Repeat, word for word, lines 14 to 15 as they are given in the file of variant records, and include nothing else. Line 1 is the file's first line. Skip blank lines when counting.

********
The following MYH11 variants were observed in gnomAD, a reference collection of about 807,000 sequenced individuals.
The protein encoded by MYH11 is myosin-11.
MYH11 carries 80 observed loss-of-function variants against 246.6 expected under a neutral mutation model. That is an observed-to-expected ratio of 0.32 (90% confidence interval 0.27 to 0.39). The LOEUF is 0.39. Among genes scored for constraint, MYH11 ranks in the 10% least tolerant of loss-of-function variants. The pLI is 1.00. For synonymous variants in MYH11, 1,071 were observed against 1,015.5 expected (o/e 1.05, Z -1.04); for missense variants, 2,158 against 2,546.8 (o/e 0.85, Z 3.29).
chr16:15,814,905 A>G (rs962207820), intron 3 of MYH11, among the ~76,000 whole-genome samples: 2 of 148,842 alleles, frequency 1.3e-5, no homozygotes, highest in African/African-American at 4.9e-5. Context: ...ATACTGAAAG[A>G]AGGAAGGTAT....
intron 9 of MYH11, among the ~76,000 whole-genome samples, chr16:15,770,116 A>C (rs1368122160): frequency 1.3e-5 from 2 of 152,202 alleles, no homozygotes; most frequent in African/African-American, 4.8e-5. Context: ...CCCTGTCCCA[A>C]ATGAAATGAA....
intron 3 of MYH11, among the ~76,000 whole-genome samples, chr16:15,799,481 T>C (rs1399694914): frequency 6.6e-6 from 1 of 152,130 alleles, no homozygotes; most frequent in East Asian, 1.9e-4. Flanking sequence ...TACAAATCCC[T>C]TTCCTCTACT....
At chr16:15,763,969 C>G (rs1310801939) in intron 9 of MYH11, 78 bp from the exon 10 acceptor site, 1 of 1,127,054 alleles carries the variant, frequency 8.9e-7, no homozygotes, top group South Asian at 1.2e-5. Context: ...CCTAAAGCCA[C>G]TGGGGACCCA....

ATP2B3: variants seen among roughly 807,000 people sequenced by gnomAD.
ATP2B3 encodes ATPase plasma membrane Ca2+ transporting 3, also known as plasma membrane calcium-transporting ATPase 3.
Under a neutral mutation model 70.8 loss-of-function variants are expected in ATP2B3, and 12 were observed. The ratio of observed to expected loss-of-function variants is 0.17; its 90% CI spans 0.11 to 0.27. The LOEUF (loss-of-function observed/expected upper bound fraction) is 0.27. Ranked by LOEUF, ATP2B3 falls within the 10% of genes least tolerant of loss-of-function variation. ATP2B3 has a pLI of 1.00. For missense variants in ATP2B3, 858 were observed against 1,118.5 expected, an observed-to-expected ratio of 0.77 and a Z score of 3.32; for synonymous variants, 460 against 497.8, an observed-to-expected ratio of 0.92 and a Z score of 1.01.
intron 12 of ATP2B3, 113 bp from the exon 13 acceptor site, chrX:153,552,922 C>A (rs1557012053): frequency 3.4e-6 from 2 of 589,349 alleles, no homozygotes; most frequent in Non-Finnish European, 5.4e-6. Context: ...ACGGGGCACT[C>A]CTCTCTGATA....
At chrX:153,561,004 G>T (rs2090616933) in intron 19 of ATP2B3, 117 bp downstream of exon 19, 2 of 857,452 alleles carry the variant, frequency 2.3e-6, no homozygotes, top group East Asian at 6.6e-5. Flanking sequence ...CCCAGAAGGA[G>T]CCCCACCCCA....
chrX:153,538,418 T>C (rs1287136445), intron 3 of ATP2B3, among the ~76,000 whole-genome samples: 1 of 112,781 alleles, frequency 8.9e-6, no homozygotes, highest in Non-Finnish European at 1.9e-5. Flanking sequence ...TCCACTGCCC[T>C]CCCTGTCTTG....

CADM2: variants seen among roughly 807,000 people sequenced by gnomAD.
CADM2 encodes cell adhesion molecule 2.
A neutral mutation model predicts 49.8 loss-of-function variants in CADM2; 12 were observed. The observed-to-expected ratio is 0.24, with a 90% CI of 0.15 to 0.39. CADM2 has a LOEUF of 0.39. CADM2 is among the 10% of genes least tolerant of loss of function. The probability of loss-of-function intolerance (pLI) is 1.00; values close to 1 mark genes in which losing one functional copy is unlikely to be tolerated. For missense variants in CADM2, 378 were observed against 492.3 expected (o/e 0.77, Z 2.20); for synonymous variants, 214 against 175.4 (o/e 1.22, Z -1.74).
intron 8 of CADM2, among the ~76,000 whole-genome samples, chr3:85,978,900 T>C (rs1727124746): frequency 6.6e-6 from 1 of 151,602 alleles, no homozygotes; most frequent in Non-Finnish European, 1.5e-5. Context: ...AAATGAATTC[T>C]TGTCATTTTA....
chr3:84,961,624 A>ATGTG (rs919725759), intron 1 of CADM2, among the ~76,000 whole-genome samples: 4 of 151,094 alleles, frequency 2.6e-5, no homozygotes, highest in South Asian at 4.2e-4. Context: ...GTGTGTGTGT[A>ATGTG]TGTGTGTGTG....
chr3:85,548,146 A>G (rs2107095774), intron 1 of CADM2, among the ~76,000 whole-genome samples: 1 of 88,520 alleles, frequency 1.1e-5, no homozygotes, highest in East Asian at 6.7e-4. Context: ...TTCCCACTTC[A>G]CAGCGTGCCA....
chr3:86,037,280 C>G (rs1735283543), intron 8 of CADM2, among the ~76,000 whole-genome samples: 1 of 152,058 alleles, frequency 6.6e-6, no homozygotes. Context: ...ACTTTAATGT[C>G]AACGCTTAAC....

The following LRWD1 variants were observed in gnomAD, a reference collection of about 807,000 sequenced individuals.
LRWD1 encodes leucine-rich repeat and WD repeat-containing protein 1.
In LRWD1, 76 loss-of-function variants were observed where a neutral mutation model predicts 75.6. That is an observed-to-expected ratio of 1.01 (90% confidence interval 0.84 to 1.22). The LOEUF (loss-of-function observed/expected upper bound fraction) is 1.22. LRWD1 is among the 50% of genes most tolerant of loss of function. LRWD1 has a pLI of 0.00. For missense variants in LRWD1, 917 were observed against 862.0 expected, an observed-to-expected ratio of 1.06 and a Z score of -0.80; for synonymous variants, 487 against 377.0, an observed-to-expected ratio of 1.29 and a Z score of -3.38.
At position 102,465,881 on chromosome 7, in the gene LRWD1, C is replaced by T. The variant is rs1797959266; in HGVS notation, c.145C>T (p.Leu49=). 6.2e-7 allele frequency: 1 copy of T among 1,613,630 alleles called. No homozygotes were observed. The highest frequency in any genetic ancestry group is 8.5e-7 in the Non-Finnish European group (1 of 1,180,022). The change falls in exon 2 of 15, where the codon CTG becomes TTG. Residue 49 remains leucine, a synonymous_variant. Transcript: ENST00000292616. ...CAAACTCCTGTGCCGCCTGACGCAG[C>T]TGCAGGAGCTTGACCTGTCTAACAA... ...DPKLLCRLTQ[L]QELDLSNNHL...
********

CADM2: variants seen among roughly 807,000 people sequenced by gnomAD.
CADM2 encodes cell adhesion molecule 2.